These might seem a bit daunting just now. So go with something a bit less challenging. Start on that novel you’ve always promised yourself you would write someday. Book an exotic trip and tour the important sights. Move away from the town you’ve always lived in.
Learn how to cook really well. Learn how to play a musical instrument. Learn a new skill. Take up serious hiking. Learn how to fly an airplane.
There are plenty of things you’ve always wanted to do and never did. So do one of them. It will help you find your own inner hero.
5. Help someone out in a tangible way.
There will always be people around you in some kind of need. There are probably people around you in a need similar to one you once had. Find out what that need is and help meet it. Whatever it may be.
It’s especially gratifying to find a need you can meet using a special skill or ability that you have. Then it will not only be an act of service, but you’ll probably enjoy it too. Remember, heroes are self-sacrificing. So you can be a minor hero through your self-sacrificing service.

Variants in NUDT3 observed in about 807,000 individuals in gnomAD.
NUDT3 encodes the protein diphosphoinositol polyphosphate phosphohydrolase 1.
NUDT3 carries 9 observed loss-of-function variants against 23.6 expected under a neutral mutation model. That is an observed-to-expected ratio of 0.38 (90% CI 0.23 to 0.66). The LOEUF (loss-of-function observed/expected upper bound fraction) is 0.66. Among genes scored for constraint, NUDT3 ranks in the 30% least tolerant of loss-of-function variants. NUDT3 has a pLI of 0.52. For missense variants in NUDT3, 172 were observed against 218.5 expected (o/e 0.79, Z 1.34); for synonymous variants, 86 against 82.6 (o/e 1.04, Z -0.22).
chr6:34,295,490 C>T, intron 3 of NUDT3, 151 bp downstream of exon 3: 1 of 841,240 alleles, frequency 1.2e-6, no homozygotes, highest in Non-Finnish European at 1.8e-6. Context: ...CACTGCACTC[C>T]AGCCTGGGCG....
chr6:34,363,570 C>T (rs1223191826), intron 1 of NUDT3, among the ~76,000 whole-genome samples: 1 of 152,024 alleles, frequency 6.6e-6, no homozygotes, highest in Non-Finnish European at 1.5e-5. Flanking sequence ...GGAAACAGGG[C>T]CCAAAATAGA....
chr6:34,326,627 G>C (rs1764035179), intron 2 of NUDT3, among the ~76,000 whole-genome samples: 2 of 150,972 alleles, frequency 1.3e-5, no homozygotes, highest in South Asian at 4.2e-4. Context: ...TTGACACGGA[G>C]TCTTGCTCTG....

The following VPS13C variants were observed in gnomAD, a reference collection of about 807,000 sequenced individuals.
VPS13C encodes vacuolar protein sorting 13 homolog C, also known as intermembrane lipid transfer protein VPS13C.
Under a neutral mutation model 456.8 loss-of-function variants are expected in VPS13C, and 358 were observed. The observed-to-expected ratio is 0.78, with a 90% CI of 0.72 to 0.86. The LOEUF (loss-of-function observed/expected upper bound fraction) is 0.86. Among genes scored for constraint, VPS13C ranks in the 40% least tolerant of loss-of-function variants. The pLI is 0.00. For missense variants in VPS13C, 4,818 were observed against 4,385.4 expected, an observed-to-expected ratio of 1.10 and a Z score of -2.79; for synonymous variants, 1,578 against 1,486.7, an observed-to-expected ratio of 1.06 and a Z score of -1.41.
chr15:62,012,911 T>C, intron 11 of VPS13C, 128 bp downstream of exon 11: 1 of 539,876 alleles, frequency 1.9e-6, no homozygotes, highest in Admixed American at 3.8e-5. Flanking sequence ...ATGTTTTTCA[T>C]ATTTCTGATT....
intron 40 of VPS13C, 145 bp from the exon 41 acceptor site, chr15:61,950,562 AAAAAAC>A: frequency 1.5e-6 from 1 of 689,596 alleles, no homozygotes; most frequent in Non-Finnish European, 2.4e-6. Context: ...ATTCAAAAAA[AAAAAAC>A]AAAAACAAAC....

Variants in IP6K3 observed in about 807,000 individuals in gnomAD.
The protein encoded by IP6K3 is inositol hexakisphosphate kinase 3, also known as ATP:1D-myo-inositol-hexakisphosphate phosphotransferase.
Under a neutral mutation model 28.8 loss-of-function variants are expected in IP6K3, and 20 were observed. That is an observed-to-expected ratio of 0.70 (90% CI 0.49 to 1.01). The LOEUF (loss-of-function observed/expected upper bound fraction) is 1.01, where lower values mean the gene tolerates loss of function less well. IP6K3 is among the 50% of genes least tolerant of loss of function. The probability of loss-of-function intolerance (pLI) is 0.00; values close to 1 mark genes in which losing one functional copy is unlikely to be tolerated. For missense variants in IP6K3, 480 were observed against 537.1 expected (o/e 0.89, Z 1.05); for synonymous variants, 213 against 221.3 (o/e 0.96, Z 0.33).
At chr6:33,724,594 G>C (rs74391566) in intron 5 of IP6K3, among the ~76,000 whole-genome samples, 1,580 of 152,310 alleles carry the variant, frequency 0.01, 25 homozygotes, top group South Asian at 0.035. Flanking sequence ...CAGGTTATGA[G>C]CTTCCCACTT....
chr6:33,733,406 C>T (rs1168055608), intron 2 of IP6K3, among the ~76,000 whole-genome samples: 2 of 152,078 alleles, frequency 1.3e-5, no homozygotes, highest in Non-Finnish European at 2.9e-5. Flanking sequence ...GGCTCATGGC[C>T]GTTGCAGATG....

6. Figure out what ignites you when you do it and do that thing.
We all have things in our lives that motivate us. That ignite us. That thrill us. That energize us. Why not pursue one of those things?
If it’s something that you can become especially good at, so much the better. Hey, people have launched fulfilling careers by simply pursuing their passions . Try it. It will help bring out your inner hero. You might even find an entirely new direction for your life.
Most of us will never be true heroes. An honest-to-goodness real life hero. We certainly won’t be a hero of folklore and legend. Most of us will simply live pretty normal lives. Lives that may be happy, exciting, wonderful, and blessed – but not heroic in any classic sense.
That’s fine. We’ll get over it.
But just because we can’t be true heroes, doesn’t mean we can’t be little heroes in small ways. Every day. Seek out your own personal inner hero. Start with the list above. Feel free to add to the list.
We’ll probably always need heroes. We’ll probably always need people to look up to. Who did things that neither we nor most others were able to do.